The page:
Personally, I am not opposed to anything that is constructive. But the devil in in the details and specifics. You speak of medicating drugs; what exactly does that mean?, and how would the specifics of the drug policy read?. You’re a teacher and a musician and I am sure have run into plenty of addicts. How likely are they to abandon, say their street heroin habit, and switch to a regulated version of heroin. Perhaps you may be aware of the failure of methadone to relieve the addiction of heroin addicts. You probably know that many addicts continue to use heroin while getting their manteca on the street.

          If we are talking about “medical marihauna” what exact would this mean. Are we talking about GOVERNMENT growers; will they create the Bureau of Cannabis Production; will they seek to alter it to lessen the potency. Will they contract the production out; who will oversee the production, the FDA, DEA, FBI -[who ultimately has oversight over the DEA via a memorandum agreement]. What about the issue of states rights. Look at the legalization of marijuana happening in California; how would a federal drug policy deal with this issue of state rights and drug legalization. Will they seek to expand drug courts?. Who will pay for the bureaucracy that the legislation will create. How much additional money will be appropriated for the increase in drug dependency, at least in the short term.. There are a lot of questions that would have to be addressed in an effort to legalize street drugs. Clearly, the drug policies to legalize drugs would be a legal, practical, and logistical nightmare.

          I think you raise a valid point about the need to try something else. However the practical, legal, and mechanical considerations are going to be almost as great as the legalization itself.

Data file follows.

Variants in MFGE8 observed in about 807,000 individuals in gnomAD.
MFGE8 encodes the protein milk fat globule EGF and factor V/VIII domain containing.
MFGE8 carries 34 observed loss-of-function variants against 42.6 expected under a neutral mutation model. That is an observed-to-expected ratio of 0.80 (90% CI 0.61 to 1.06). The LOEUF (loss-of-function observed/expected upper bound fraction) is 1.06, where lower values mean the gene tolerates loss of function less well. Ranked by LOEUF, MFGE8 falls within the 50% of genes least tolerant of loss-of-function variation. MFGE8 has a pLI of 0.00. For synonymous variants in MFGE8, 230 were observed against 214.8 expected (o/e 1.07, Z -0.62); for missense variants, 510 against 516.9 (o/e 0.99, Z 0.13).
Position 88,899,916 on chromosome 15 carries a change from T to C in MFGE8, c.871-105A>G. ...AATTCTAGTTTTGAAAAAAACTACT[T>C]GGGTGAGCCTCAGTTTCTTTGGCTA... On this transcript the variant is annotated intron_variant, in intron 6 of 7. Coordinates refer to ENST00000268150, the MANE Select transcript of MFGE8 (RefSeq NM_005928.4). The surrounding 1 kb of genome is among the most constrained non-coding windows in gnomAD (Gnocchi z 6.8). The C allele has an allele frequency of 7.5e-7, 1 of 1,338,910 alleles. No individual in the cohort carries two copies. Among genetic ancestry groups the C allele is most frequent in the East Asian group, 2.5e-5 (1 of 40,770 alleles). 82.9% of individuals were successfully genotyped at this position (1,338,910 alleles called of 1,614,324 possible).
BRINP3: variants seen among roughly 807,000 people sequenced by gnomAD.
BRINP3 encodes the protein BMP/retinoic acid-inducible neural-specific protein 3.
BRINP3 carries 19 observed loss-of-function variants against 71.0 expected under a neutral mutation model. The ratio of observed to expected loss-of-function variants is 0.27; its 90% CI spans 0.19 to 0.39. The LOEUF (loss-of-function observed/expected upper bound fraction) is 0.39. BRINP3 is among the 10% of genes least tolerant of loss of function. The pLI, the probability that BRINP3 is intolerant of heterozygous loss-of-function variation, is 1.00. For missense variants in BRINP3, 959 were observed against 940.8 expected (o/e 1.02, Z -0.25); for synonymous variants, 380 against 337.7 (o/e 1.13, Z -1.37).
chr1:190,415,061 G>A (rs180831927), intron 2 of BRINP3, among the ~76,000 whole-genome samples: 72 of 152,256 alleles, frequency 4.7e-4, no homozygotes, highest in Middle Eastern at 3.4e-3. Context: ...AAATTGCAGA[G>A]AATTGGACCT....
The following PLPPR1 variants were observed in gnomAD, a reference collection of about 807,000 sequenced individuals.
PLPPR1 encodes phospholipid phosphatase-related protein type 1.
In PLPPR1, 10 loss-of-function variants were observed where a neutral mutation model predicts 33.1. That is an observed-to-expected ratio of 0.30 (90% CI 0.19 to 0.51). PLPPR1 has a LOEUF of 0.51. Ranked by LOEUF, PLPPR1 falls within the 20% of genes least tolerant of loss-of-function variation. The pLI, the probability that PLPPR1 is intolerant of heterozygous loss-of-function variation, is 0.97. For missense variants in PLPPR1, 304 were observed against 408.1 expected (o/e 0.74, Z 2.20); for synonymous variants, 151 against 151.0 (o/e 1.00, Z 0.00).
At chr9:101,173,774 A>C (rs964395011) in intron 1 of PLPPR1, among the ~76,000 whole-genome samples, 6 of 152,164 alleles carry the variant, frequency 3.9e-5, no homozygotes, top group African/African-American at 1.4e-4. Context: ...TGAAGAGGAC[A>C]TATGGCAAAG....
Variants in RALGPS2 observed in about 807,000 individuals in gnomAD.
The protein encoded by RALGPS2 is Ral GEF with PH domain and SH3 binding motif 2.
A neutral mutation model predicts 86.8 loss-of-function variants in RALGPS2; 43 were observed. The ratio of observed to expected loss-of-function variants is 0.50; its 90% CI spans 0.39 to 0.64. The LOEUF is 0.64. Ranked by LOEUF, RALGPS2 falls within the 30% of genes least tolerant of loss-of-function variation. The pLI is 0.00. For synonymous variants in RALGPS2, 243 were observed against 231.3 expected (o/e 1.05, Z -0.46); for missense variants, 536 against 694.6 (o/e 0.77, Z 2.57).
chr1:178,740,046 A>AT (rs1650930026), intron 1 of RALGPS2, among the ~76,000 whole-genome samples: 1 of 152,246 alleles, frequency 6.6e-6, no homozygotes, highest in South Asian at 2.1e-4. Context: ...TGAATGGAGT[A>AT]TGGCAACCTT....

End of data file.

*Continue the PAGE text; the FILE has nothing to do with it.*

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          • #20
            Spammer

            The above posting is SPAM and could be harmful to your network. Please remove the post and the poster.

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            • #21
              I have notified PR.com many times about this spammers and nothing seems to be done about them.

              As you said, the problem lies in developing strategies which take into account all the interests of the parties involved. The Nehterlands tried the medication of drugs and I don't think it has worked in terms of reducing the amount of addicts consumming these drugs. It has decreased significantly the criminal elements associated with the trade and at the same time it has created a heaven for "drug tourists" ( mostly from the U.S.)who travel to the Netherlands because of their liberal laws on drug consumption. Maybe the idea is that once you get rid of the bulk of the medicated addicts, the money saved will be used for aggresive educational campaigns to prevent people from falling into these vices. I believe this approach has worked for tobacco, where all groups of society, except young women, have reduced significantly their use of this drug.

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              • #22
                Yes I wish they take care of the damn Bots once and for all!

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                • #23
                  Nuevamente, lo presentado aqui se ha multiplicado vertiginosamente en sus dimensiones, y al presente son miles los muertos y miles más heridos por la actividad de estos grupos delictivos en ambos países y los gobiernos no hayan forma de tomar cartas en el asunto.